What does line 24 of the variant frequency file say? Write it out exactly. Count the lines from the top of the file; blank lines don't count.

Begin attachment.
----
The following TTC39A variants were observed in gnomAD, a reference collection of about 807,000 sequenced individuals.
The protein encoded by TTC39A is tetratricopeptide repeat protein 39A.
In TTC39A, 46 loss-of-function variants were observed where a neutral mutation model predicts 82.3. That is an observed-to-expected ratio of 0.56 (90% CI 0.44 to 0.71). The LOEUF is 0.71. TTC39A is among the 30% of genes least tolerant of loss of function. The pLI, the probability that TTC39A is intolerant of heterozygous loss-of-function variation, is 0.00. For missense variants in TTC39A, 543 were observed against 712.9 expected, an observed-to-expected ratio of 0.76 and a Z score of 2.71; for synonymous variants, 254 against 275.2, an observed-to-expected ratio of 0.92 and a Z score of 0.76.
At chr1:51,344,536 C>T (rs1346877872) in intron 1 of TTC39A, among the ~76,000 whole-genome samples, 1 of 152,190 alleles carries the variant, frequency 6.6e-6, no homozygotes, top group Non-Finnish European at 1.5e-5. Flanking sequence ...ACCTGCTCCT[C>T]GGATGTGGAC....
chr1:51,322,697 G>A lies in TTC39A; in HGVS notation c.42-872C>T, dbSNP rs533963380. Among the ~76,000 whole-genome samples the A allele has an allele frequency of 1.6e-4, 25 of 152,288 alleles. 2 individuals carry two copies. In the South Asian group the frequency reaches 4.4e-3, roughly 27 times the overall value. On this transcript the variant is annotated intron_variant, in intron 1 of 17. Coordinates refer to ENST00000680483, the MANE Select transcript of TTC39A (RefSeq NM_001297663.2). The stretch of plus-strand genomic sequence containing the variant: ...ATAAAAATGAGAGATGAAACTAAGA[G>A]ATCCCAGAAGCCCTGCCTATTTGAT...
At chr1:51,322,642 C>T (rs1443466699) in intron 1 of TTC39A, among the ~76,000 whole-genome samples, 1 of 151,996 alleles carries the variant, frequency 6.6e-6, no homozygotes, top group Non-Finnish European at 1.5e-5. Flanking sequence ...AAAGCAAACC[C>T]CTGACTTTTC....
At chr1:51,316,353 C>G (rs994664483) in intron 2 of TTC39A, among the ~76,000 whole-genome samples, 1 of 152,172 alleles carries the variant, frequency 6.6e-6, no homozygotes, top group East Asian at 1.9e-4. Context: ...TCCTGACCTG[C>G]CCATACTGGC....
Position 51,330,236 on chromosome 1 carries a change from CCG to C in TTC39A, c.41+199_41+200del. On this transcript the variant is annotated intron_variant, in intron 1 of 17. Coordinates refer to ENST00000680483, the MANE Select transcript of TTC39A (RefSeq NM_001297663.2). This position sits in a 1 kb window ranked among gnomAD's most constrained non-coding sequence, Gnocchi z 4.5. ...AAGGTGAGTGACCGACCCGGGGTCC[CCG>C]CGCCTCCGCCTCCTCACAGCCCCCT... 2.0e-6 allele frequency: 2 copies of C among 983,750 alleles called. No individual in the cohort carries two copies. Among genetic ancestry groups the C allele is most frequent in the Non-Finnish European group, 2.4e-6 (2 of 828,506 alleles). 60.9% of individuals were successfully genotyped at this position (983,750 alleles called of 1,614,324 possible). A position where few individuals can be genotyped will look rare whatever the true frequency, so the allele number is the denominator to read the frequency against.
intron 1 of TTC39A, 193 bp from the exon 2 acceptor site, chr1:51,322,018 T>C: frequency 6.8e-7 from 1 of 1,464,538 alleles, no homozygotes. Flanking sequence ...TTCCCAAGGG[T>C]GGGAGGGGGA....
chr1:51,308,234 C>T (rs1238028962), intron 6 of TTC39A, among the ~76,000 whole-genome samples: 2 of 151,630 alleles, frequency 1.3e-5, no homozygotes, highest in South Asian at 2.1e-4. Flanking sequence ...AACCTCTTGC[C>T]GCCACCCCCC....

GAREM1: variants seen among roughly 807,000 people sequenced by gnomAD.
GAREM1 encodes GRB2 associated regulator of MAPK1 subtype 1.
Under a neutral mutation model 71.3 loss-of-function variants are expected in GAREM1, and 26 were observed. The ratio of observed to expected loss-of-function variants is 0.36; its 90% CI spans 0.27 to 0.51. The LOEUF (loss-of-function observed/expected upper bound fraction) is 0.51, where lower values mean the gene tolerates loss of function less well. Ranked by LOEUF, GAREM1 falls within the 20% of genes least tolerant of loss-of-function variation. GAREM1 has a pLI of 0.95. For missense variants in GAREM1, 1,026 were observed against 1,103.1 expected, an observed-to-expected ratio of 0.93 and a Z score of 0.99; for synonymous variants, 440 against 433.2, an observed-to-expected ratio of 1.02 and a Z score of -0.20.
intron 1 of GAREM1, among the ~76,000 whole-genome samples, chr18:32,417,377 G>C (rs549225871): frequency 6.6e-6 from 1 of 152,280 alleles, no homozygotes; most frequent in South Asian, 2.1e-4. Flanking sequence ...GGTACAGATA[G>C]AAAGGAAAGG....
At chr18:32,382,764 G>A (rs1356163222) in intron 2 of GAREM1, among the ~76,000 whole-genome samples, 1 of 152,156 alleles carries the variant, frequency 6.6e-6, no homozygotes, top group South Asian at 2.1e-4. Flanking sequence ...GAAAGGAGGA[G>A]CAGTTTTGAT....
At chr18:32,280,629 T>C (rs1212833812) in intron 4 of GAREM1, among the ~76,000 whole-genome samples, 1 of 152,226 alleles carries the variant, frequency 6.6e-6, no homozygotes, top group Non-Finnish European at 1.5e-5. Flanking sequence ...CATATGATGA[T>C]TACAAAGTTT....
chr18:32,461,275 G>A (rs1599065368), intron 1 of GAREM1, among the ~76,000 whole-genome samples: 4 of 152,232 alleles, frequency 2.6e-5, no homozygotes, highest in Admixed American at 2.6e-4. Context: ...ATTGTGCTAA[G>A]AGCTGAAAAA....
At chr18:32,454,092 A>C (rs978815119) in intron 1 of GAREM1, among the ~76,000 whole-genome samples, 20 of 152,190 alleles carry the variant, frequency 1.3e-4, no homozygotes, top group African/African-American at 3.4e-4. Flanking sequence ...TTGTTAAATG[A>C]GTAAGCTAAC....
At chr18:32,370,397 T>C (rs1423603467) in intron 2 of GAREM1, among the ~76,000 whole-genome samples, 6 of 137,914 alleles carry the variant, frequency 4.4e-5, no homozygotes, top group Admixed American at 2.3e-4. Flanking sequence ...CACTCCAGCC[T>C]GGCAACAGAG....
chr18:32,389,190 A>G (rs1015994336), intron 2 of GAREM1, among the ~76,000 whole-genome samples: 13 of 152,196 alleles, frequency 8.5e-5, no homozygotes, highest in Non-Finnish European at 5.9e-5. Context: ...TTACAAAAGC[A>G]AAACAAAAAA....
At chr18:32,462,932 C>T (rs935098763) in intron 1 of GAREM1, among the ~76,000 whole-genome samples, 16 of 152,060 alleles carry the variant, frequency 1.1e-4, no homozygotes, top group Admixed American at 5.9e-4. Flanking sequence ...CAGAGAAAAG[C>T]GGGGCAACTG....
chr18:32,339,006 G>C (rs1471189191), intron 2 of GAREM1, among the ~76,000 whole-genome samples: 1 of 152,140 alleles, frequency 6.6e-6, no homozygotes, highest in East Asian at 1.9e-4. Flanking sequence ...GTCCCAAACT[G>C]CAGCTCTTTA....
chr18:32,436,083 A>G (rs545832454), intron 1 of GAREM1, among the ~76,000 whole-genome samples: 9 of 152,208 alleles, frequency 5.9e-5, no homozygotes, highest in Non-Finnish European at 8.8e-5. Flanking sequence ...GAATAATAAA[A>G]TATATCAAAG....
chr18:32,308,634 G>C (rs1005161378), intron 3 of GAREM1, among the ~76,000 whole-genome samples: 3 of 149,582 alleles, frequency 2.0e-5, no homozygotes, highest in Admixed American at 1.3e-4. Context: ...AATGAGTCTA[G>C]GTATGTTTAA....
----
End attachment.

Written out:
chr18:32,308,634 G>C (rs1005161378), intron 3 of GAREM1, among the ~76,000 whole-genome samples: 3 of 149,582 alleles, frequency 2.0e-5, no homozygotes, highest in Admixed American at 1.3e-4. Context: ...AATGAGTCTA[G>C]GTATGTTTAA....